LUX Project

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Students in the LUX Program will complete a major project across a total of six courses over two semesters.

Courses Involved

In Semester 1, the LUX project will span the SYA710, NAD710, and SPR720 courses.

Working Within the Fedora Project

LUX projects will take place within the Fedora community. That means that we'll be working on real issues alongside other contributors in a thriving Open Source project. The project ideas come from the community, and the result of your work will directly impact the 2+ million users of Fedora.

Success in an Open Source project is achieved in part by working in the open, where other people can see and get involved with what you're doing. You will need input from the community, because the Fedora project is too large for one person to completely master: it involves 6000+ packages, hundreds of millions of lines of source code, and thousands of developers from around the globe. You'll need to use various open source communication tools to effectively work with this community.

In particular, you will need to continuously communicate the status of your work, primarily though blogging. It's a good idea to post a short blog entry -- even a few lines -- each time you work on your project, and at least a couple of times a week.

Completion Goal

During the first semester, you'll take your project to a "0.3" completion status. This means that it must provide some reasonable, stable level of functionality, but it does not need to be complete or fully polished. In the second semester, you'll take the same project to a "1.0" completion status: complete, tested, documented, and appropriately packaged.


Project Review

The starting-point is selecting a project from the Potential Projects list. Most of the descriptions on that list are very short, and it may take some investigation and discussion to really understand the scope of each proposal. Use the contact information and resources listed for each project to narrow down your search to 2-4 projects by Week 2 (note: 2-4 projects, not 1, not 6!).

Student name Projects under consideration Notes
Mohak Vyas Create an MDRK spin NM Web Authentication has been claimed by an OSD/DPS student --Chris Tyler 02:45, 17 September 2008 (UTC)
Milton Paiva Func modules: user, group, cron setup, httpd, and sendmail and Free-open font packaging
Paul DiRezze Condor/Nightlife imake->GNU make transition
Varinder Singh Fedora Network Unified Controller(Func), Network Automation, Create a MDRK Spin
Katherine Masseau Jack Driver for Audacity, Write Func Modules, Extend Try Servers to test Thunderbird patches.
Stephen Carter Port apport from Ubuntu to Fedora
Patricia Constantino Corresponding Source Web App
Nestor Chan Windows Data Migration

Kezhong Liang Add IPv6 Support to Condor and .... !

This table is for preliminary selection only. Please put your final project selection on the Project List -- see instructions below.

Project Selection

Once you have decided on a project, remove the project description from the Potential Projects list and place it on the Project List. Create a link from the project description to a project page (use the Sample Project page as a template). Select your project by the end of Week 3 - September 19.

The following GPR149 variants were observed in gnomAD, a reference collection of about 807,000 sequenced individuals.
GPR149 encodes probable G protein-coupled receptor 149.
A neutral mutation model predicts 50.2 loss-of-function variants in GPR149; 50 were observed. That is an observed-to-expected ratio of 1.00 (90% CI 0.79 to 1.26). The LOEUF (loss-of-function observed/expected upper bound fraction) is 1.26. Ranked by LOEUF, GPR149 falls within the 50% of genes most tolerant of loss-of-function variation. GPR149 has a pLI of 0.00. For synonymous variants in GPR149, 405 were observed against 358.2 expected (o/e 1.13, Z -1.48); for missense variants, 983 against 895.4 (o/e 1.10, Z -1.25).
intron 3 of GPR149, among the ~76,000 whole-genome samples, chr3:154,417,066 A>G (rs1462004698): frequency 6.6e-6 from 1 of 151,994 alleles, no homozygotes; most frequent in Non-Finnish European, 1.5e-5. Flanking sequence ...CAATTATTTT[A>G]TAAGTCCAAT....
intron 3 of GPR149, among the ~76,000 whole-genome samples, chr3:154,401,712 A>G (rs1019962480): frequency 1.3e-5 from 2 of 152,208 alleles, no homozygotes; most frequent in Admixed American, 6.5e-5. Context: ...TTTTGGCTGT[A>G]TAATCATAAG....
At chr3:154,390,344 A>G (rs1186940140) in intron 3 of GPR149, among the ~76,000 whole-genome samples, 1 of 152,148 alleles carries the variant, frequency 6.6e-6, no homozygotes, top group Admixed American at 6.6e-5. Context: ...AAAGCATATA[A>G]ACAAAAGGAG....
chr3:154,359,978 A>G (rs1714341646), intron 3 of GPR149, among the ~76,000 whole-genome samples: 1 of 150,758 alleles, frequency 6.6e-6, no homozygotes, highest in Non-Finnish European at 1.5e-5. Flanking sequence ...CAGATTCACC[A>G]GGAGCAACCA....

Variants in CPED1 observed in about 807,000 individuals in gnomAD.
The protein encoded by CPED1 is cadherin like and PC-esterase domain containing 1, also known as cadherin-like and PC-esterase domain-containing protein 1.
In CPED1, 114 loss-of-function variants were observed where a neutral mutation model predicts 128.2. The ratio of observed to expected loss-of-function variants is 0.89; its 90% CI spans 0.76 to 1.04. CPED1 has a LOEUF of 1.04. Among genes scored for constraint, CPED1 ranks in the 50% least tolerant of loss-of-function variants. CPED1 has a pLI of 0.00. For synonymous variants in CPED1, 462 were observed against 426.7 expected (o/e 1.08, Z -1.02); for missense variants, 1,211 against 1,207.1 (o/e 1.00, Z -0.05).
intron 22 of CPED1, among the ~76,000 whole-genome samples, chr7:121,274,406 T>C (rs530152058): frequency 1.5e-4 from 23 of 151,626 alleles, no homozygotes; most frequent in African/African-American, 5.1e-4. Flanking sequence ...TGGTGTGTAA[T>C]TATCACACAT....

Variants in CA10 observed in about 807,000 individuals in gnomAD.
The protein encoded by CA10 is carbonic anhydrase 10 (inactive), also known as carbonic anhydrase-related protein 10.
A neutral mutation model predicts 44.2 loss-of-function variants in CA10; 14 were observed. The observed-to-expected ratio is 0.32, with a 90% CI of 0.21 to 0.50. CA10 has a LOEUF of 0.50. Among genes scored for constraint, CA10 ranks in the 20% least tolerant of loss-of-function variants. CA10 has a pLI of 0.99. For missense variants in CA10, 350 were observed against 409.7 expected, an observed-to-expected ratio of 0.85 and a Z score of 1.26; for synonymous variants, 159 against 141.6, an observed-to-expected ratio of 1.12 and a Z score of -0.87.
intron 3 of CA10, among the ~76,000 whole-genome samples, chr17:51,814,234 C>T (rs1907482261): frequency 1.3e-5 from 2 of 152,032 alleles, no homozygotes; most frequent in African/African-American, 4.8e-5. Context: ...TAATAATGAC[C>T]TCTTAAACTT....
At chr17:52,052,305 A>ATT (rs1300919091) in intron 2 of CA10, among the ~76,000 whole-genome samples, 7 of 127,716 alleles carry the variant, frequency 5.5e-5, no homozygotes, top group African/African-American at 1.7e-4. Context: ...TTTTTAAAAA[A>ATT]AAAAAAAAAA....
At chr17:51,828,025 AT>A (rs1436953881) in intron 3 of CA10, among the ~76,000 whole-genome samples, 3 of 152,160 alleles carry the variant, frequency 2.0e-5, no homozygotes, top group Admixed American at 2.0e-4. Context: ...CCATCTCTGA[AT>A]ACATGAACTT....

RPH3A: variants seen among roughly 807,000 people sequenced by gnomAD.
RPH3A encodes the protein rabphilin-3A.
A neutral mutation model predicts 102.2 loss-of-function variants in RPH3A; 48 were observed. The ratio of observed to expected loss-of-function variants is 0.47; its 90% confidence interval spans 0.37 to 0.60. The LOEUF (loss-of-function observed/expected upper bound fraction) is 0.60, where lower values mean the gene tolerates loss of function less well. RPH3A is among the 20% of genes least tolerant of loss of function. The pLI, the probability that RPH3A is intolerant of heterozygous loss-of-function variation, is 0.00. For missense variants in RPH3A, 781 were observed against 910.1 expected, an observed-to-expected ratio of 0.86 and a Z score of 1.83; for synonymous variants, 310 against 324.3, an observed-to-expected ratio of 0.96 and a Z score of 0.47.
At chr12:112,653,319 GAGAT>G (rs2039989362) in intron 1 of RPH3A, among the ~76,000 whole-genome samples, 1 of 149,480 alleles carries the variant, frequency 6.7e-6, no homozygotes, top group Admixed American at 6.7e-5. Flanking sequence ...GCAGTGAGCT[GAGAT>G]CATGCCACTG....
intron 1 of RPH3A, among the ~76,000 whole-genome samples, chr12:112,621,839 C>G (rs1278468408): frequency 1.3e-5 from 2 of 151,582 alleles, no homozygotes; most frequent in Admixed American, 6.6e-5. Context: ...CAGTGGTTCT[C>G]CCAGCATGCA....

0.1 Release (Proof of Concept)

One of the Open Source principles is "Release Early, Release Often". Your first "0.1" release is due October 17 and will serve as an initial proof-of-concept. This release must include "code", but the definition of "code" will vary considerably depending on the project (the "code" may be test cases, for example, if that's the focus of the project).

Release your code via the project page on the Wiki, and make an announcement of the release on the planet.

0.2 Release (Basic Functionality)

By November 14, your project should have basic functionality, and be released as version "0.2".

Project Presentations

Project presentations will take place November 25. This will be an opportunity to show off the work that you've done and to have a Q&A session.

0.3 Release (Stable, Usable)

The 0.3 Release must take place by December 5. This release does not need to be fully polished or feature-complete, but it should have enough functionality to be useful for real work.


Please blog frequently about your project progress. In addition to general progress reports, please blog on these specific topics:

Week Date Topic Description
4 Sep 22-28 Community Discuss your project via e-mail, IRC, or Fedora Talk with one or more key people in the community working on the areas which your project will touch, and blog about this discussion.
5 Sep 29-Oct 5 Plans - 0.1 State your plans for your 0.1 release. What will it include? How will you get there? What do you need to set to accomplish your goal? What do you need to learn?
7 Oct 20-26 0.1 Release Blog about your 0.1 release. Give a pointer to your project web page and tell people what you're releasing.
9 Oct 27-Nov 2 Plans - 0.2 State your plans for your 0.2 release.

Contributions to Other Projects

As part of your LUX project, you are expected to contribute to other Open Source projects and to create opportunities for others to contribute to your project; this includes both other Seneca students and other members of the Fedora community. You should tell other people about contribution opportunites through your blog on the planet, and you can also put them on the Contrib Opportunities page.